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Old 13-04-2016, 04:26   #1
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Help me to understand Swingkeels

I have been looking to downsize my current vessel to a more manageable, maneuverable and cost effective size. This search for a pocket cruiser has lead me down two distinct paths, trailerable and semi trailerable. My budget is $5000 Canadian for the purchase including transport costs, but I will be able to free up cash for upgrades and goodies over time.

Cruising grounds are mostly fresh, sheltered waters, specifically, St Lawrence, Ottawa, and Rideau Rivers with occasional trips to Lake Ontario, Georgian Bay, Lake Champlain and the Gulf of St Lawrence- for now. The crew consists of a reasonably capable sailor (me), my wife who has lived aboard larger vessels, my small son, also a former live aboard and my hound dog, for now any way.

My back up plan is a semi-trailerable fixed keel boat, I have seen a couple of very nice boats in my area in my price range including a Grampian 26 and Halman 20. The way I see it these boats are trailer once a year jobs, crane out on to the trailer, drive them 2 km home to my drive way and take them back again in the spring. They just aren't quite what I want.

My first choice is a fully trailerable swing keel or keel + centreboard option. The boat would be kept in the water at a fresh water marina for 6 months a year, but I would have the option to trailer it to near by sailing grounds, such as Toronto, North Channel, potentially even North Carolina and even Florida when I chose.

My problem is I know nothing about these boats, aside from what I have found searching the archives on this site, a couple of other sights and a few online articles, I have never sailed one or even been on one.

As the price is under $5000 and I won't be insuring it, I'm not going to bother with a survey. Does any one have tips on self surveying the keel areas on these boats? I have read the boat should have the capability to lock down the keel in order to maintain your righting moment in the event of a knockdown. What should I look for, for a lockdown mechanism?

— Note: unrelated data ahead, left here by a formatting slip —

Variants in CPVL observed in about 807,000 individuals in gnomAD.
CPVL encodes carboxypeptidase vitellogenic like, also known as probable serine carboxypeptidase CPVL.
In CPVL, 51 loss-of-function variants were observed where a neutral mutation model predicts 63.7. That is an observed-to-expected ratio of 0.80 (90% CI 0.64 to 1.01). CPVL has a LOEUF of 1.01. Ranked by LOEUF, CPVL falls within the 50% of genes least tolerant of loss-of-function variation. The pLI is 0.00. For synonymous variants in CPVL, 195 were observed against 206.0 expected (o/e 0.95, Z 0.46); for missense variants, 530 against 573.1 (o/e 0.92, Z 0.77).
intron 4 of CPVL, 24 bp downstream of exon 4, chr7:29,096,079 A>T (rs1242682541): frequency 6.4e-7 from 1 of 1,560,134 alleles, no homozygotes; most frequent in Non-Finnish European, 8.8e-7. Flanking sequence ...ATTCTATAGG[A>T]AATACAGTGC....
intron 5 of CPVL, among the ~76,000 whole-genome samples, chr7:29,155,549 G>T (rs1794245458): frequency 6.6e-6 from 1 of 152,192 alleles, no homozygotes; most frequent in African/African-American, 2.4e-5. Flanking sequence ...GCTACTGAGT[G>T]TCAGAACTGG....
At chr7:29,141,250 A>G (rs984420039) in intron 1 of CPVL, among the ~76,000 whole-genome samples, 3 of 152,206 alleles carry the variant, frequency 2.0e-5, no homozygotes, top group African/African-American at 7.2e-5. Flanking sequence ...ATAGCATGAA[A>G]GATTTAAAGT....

Specifically, this week end I am looking at an early 70's CS 22, I believe they are very similar to Catalina 22's and Bomaroo 22's of the same era for any Aussies or Americans reading. Sails, rigging, motor, trailer etc. are advertised to be in good shape, and I know what to look for with these items. Any tips on what I should look for in the keel area?

I don't believe the CS 22 is a true swing keel, but rather a boat with a low profile keel and a centre board, so this boat should be relatively stable in a knockdown, even in the event of a centre board failure? I believe there is 1100 lbs of ballast in the fixed keel. I am not sure I understand the design fully, but I assume a 22 foot boat would not have an 1100 lb swing keel?

I read a couple of opinions on another sight these boats are only sailable in sub 15 knot winds? This can't be true? I can see a very light cat boat being limited to such light conditions, but I can't imagine any sloop, especially with reefing points being limited to 15 knot winds, sounds like hogwash to me, but let me know if you have had experiences that support this.

Any CS 22 owners on here with tips for me?
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Old 13-04-2016, 04:44   #2
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Re: Help me to understand Swingkeels

I have owned two Sk boats. An RL24 and an RL28. (RL=Rob Legg).

The 24 had a simple 6:1 pulley system to raise it. (some have small winches)
The 28 had a hydrolic system.

The main thing to look for is the Swing Pin. How strong is it and has it aged and "thinned out". Its also a good place for leaks.

Both my boats had cast iron keels. These can suffer from rust and electrolosis. As I was regularly racing the 24, I removed the keel, faired it and re-tarred it due to some rust and pitting. I only did that once in the ten years I owned the boat.

I never really looked at the entire keel on the 28 .

If you are going to moor the boat, you will need to consider antifouling the inside of the case as well as the keel itself. One of the biggest problems I have heard of is moored boats ending up with a keel stuck in the case. This was often due to a mix of shell build up and uncared for keels.